- Delaware: DE EARNS. Program implementation scheduled by January 1, 2025. See Payroll Guide ¶17,118.
- Hawaii: Hawaii Retirement Savings Program. Program details to be determined by a board. See Payroll Guide ¶17,126.
- Illinois: Secure Choice. Final phase-in registration for employers with 5 to 15 employees by November 1, 2023. See Payroll Guide ¶17,130.
- Massachusetts: CORE Plan. Voluntary 401(k) multi-employer program for small nonprofit employers. Fully implemented. See Payroll Guide ¶17,146.
- Maryland: MarylandSaves. Fully implemented. See Payroll Guide ¶17,144.
- Maine. Program implementation scheduled no later than December 31, 2024. See Payroll Guide ¶17,142.
- Minnesota: Minnesota Secure Choice Retirement program. Program implementation scheduled no later than January 1, 2025. See Payroll Guide ¶17,150.
- New Jersey: Secure Choice. Program has not yet been implemented. See Payroll Guide ¶17,164.
- New Mexico: Work and Save. Implementation has been delayed until July 1, 2024. See Payroll Guide ¶17,166.
- Nevada. Contributions toward the program must begin by July 1, 2025. See Payroll Guide ¶17,160.
- New York. Program has not yet been implemented. See Payroll Guide ¶17,168.
- Oregon: Oregon Saves. Final phase-in registration for employers with 1 to 2 employees and employers that use a PEO by July 31, 2023. See Payroll Guide ¶17,178.
- Virginia: RetirePath. Registration began July 1, 2023. See Payroll Guide ¶17,196.
- Vermont: VT SAVES. Phased-in registration begins July 1, 2025, for employers with 25 or more employees. See Payroll Guide ¶17,194.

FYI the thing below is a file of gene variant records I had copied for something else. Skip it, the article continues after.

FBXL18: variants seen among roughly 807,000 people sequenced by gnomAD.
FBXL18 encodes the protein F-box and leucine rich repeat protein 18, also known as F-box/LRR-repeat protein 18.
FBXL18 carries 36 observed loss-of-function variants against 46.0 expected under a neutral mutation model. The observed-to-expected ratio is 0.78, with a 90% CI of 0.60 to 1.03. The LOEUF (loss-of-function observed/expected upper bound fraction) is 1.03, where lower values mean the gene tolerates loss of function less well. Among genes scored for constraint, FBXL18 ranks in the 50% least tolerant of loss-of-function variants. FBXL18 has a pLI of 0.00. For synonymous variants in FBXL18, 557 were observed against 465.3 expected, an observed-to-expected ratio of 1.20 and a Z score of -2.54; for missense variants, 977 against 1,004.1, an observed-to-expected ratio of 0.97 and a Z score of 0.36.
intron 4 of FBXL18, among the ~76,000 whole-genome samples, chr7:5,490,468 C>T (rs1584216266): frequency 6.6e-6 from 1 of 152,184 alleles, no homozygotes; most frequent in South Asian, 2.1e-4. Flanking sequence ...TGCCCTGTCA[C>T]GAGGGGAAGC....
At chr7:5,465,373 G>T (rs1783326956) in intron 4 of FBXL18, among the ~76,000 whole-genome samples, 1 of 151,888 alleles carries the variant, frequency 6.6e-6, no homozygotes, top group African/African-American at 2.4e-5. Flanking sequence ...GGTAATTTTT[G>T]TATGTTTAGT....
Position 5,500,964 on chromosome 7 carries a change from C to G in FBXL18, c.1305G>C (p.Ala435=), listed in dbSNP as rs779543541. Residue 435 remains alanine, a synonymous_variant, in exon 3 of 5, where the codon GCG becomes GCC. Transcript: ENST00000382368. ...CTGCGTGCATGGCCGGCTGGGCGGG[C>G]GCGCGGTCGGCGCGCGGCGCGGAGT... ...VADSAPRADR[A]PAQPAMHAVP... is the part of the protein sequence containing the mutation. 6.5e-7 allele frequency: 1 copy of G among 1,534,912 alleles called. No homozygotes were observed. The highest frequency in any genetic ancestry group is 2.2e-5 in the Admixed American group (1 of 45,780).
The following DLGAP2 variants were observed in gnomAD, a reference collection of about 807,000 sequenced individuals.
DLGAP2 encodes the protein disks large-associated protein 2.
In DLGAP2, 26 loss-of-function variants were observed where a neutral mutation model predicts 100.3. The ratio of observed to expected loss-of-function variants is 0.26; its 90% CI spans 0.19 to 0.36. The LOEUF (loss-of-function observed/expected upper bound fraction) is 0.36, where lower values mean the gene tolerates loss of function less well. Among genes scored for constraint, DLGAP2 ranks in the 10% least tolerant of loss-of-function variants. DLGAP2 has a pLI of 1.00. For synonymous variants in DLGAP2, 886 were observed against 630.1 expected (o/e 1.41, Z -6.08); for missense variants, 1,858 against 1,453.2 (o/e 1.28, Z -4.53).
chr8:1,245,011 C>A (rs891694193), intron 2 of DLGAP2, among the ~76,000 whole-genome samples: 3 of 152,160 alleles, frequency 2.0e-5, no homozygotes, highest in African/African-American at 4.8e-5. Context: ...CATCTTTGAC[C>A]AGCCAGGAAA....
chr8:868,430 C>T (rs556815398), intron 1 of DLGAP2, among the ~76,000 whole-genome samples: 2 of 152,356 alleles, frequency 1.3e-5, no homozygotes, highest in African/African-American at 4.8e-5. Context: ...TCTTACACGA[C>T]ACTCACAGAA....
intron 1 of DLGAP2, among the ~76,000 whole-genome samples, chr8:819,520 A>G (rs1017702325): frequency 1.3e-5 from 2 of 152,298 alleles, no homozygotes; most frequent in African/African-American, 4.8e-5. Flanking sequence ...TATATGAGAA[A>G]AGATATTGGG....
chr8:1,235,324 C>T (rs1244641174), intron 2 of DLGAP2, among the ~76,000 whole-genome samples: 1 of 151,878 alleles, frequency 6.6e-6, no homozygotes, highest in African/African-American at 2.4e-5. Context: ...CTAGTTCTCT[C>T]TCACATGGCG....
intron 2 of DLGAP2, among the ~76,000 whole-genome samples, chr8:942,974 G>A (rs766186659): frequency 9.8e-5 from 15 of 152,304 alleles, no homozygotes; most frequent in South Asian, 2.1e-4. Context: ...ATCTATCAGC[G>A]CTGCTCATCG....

- Washington: Retirement Marketplace. The states a retirement marketplace where employers may voluntarily participate in a menu of plans. See Payroll Guide ¶17,198.
Likely, we will continue to see legislation proposed to establish state-run retirement programs to address the growing concern of the costs of benefit programs. In 2023 alone, ten states proposed legislation to establish state-run IRA programs or introduced bills to study the feasibility of such plans.
For employers operating in states with retirement programs, employers that don’t currently offer a retirement plan must comply with automatic enrollment requirements. Employer compliance may include registering with the state’s program by a specified date, filing for an exemption, distributing informational materials, collecting required forms for the program, and remitting the contributions to the state. As the trend for state retirement plans grows, compliance may become challenging for multi-state employers.
But that will be no excuse for non-compliance. States are serious about employer responsibilities. Many of the laws include penalty provisions for failure to comply with program requirements or include provisions to set penalties at a later date.
There may be a federal solution in sight. On approach would be require employers to provide retirement plans. The Insured Retirement Institute (IRI), a trade association for the insured retirement industry, is advocating a federal law that would require employers to offer retirement programs in many cases. In a letter to President Biden, the IRI voiced its support for H.R. 5376, the Automatic Retirement Plan Act. This bill, introduced in the prior legislative session and in previous sessions dating back to 2017, would require most employers to maintain an automatic retirement savings plan, excepting only the smallest employers.
Another possible federal solution would be the establishment of a national plan. Introduced in December 2022 of the prior legislative session was H.R. 9462, the Retirement Savings for American Act of 2022 which sought to create a national retirement program. The bill was bipartisan, demonstrating the concern from both sides of the aisle for a solution to this looming financial issue. It is possible that the bill may be reintroduced in the near future.
There is a Payroll Chart on the topic: Payroll Chart > Wage Payment > State Run Retirement Programs. Also see the state Wage Payment sections for further information.